The Cotswolds attracts millions of tourists every year and is a beautiful place to visit any time of the year. I love visiting The Cotswolds and make an annual trip here to visit some of the best villages in Cotswolds.
Beautifully rural, with rolling hills, stone villages, winter walks and a beer by the roaring fire in a local pub, but with easy accessibility from London.
Whether you fancy a good walk, pub lunch, or a pamper at a spa, there is no better place than The Cotswolds.
Here is my guide of the best villages in Cotswolds…
Where is The Cotswolds
Covering an impressive 800 square miles, an ultimate guide to the Cotswolds would be 100’s of thousands of words long due to the number of things there is to do in The Cotswolds. The Cotswolds also cover fives counties including Gloucestershire, Oxfordshire, Wiltshire, Warwickshire and Worcestershire.
It is called the Cotswolds due to the rolling hills found all across the region and is widely known for being traditionally British, with farmhouses, hiking trails ad beautiful cottages. It is also an Area of Outstanding Natural Beauty (AONB).
Where to stay in The Cotswolds
- Cotswolds Hotels and Places to Stay
- Whatley Manor Hotel & Spa
- Tewkesbury Park
- White Hart Royal Hotel
- The Slaughters Country Inn
- The George Townhouse
- The Lygon Arms
- Lords of the Manor Hotel
- Three Ways House Hotel
- The Fish Hotel
READ: How to spend a weekend in The Cotswolds
Best Villages in Cotswolds
Stow-on-the-Wold is a market town and civil parish in Gloucestershire, England, on top an 800-foot hill at the junction of main roads through the Cotswolds, including the Fosse Way, which is of Roman origin. The town was founded by Norman lords to take advantage of trade on the roads converging there.
Another one of the best villages in Cotswolds is Moreton-in-Marsh is a small market town in the Evenlode Valley, within the Cotswolds Area of Outstanding Natural Beauty. The town stands at the crossroads of the Fosse Way Roman road and is relatively flat and low-lying compared with the surrounding Cotswold Hills. The River Evenlode rises near Batsford, runs around the edge of Moreton and meanders towards Oxford, where it flows into the Thames just east of Eynsham.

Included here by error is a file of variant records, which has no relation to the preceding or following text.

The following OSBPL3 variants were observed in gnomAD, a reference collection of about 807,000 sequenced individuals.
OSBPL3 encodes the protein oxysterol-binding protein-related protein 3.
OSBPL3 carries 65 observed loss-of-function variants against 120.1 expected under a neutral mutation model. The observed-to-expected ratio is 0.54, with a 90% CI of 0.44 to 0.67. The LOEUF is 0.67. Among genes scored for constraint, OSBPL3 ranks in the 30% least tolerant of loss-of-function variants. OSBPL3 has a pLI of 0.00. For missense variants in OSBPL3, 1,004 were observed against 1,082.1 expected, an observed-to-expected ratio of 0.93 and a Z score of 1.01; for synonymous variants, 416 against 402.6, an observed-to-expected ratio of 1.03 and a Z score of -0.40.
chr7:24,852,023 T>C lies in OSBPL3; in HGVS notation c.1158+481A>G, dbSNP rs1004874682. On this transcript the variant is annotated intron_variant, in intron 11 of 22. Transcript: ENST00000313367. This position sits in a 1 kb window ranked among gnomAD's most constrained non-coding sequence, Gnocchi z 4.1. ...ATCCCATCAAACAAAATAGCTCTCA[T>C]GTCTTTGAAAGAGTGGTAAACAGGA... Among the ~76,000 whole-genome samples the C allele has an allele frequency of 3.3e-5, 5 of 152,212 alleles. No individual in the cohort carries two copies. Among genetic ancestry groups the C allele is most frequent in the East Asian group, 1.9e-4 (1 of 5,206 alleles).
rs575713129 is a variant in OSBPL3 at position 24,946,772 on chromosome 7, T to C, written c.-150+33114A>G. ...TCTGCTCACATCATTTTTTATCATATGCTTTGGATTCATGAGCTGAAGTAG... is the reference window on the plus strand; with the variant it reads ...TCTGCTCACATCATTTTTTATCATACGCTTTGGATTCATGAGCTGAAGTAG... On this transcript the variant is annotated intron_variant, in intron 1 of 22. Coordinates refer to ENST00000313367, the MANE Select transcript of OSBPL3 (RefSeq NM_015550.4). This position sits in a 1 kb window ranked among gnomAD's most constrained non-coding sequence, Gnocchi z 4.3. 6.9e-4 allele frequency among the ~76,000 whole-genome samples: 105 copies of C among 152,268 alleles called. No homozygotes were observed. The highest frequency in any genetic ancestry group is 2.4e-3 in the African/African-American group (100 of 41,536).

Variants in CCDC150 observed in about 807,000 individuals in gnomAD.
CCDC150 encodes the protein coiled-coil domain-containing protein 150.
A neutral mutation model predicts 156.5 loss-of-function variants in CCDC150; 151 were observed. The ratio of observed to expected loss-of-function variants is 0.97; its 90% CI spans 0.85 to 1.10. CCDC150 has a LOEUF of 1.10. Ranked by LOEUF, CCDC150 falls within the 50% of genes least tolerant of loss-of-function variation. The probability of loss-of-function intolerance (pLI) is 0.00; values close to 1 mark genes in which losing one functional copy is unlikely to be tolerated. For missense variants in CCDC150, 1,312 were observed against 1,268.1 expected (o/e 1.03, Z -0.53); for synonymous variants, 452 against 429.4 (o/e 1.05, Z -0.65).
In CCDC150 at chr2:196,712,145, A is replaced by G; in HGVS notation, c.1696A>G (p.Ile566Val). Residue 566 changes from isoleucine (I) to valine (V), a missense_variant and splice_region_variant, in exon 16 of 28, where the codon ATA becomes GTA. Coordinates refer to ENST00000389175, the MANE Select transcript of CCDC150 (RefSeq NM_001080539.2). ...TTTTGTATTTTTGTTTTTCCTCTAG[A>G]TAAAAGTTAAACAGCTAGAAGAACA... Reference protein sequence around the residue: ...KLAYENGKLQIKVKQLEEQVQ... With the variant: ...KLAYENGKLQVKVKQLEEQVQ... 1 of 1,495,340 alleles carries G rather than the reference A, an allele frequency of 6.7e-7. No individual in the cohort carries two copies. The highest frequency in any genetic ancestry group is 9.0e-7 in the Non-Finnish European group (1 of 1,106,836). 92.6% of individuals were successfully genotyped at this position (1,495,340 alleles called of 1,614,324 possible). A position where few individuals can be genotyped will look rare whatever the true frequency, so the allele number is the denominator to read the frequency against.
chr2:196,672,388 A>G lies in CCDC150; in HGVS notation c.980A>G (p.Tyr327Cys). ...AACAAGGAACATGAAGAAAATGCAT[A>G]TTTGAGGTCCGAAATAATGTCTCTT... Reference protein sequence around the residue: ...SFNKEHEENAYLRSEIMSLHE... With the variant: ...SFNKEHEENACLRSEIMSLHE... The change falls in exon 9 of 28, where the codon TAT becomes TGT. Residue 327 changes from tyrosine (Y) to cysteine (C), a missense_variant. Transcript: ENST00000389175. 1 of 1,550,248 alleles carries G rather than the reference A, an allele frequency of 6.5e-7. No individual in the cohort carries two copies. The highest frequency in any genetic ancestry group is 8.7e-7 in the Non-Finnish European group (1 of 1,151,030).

One of the most popular places in The Cotswolds, Bourton-on-the-Water is a village in Gloucestershire that lies on a wide flat vale within the Cotswolds Area of Outstanding Natural Beauty and much of the village core is a designated Conservation Area.
Bourton-on-the-Water’s high street is flanked by long wide greens and the River Windrush that runs through them. The river is crossed by five low, arched stone bridges. They were built between 1654 and 1953, leading to the namesake of the village also being known as the “Venice of the Cotswolds”.
Rather unknown, but one of my favourites, Daylesford is a small, privately-owned village in Gloucestershire, on the border with Oxfordshire. It is situated just south of Stow-on-the-Wold and five miles west of Chipping Norton. The village is on the north bank of the small River Evenlode and the area falls within the Cotswold Hills Area of Outstanding Natural Beauty.
At Daylesford House, you can find lakeside gardens with wooded walks and unusual trees and shrubs are occasionally open to the public in the summer months. There is a farm shop on the estate, which sells organic food under the Daylesford Organic brand.
Chipping Campden is a small market town in the Cotswold district of Gloucestershire, England. It is notable for its elegant terraced High Street, dating from the 14th century to the 17th century. A rich wool trading centre in the Middle Ages, Chipping Campden enjoyed the patronage of wealthy wool merchants, most notably William Greville. Today it is a popular Cotswold tourist destination with old inns, hotels, specialist shops and restaurants. One of the best villages in Cotswolds!!
Lower Slaughter is a village in the Cotswolds, south-west of Stow-on-the-Wold. The village is built on both banks of the River Eye, a slow-moving stream crossed by two footbridges, which also flows through Upper Slaughter.
At the west end of the village, there is a 19th-century watermill with an undershot waterwheel and a chimney for additional steam power. While the mill is built of red brick most of the 16th and 17th-century homes in the village use Cotswold limestone and are adorned with mullioned windows and often with other embellishments such as projecting gables.